6. Robert refused to support a 20mph speed limit in residential areas, yet he put up posters on bollards in Walsoken telling people to slow down.

Um, no.  Robert McLaren stood right alongside the Independents trying to push their 20MPH Zone.  I was there.  Alright, he didn’t claim to have “extensively canvassed his residents” in the way that both Patrick and the Bucknors did.  Probably because Rob had not extensively canvassed his residents and so didn’t want to tell lies about it.  Rob was a little more open to listening to the debate about it that they were – probably because he hadn’t decided exactly what the outcome would be in advance.  But Rob McLaren did support their bid – right up until the moment that it came into conflict with the Walsoken Crossing that he had petitioned for, presented to County Council, been in the newspapers with and promised to his constituents.  At that point, unlike some, Rob McLaren was unable to do something sneaky for political gain and just voted for the Walsoken crossing.  It was an unpleasant situation for him, but it was not one of his own making.  I propose, dear reader, that he had been royally stitched up.  But that’s for you to decide.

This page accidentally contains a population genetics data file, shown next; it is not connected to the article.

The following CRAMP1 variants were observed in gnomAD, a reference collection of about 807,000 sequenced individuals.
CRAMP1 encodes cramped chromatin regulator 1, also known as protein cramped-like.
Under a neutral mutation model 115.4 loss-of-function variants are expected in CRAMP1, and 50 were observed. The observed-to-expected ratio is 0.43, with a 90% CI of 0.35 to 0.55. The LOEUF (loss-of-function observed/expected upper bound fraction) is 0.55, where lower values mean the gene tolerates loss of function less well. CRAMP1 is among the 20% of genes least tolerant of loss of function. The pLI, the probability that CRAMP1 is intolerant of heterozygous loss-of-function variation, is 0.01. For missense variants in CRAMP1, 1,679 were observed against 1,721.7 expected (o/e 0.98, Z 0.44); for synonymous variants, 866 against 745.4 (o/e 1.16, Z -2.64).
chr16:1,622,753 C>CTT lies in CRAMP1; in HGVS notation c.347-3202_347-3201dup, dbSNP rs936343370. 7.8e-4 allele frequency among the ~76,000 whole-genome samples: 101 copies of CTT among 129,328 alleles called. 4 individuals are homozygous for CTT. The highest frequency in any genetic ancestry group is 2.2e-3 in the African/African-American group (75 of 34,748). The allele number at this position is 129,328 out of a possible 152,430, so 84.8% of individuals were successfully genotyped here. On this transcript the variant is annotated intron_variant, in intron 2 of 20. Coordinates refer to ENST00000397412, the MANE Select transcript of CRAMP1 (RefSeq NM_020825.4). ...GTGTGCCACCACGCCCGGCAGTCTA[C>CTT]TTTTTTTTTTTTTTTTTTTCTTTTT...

Earlier in the year when this was all going on I blogged about it extensively.  I was a harsh critic of Rob McLaren because I thought he was going about things the wrong way.  But it was clear that what was really going on was that Rob McLaren was being used, like a pawn in a bitter game of chess.  He trusted people, because that’s in his nature, he is a good guy.  But once he realised what was going on he had enough of it.  And who can blame him?

Now, a few other remarks from the article which need a response:

With regard to Jasmine Park and the need for play equipment, I have had numerous meetings with the Fenland Council leader as well as the cabinet member with responsibility for open spaces and parks, and I continue to push for this funding for my ward.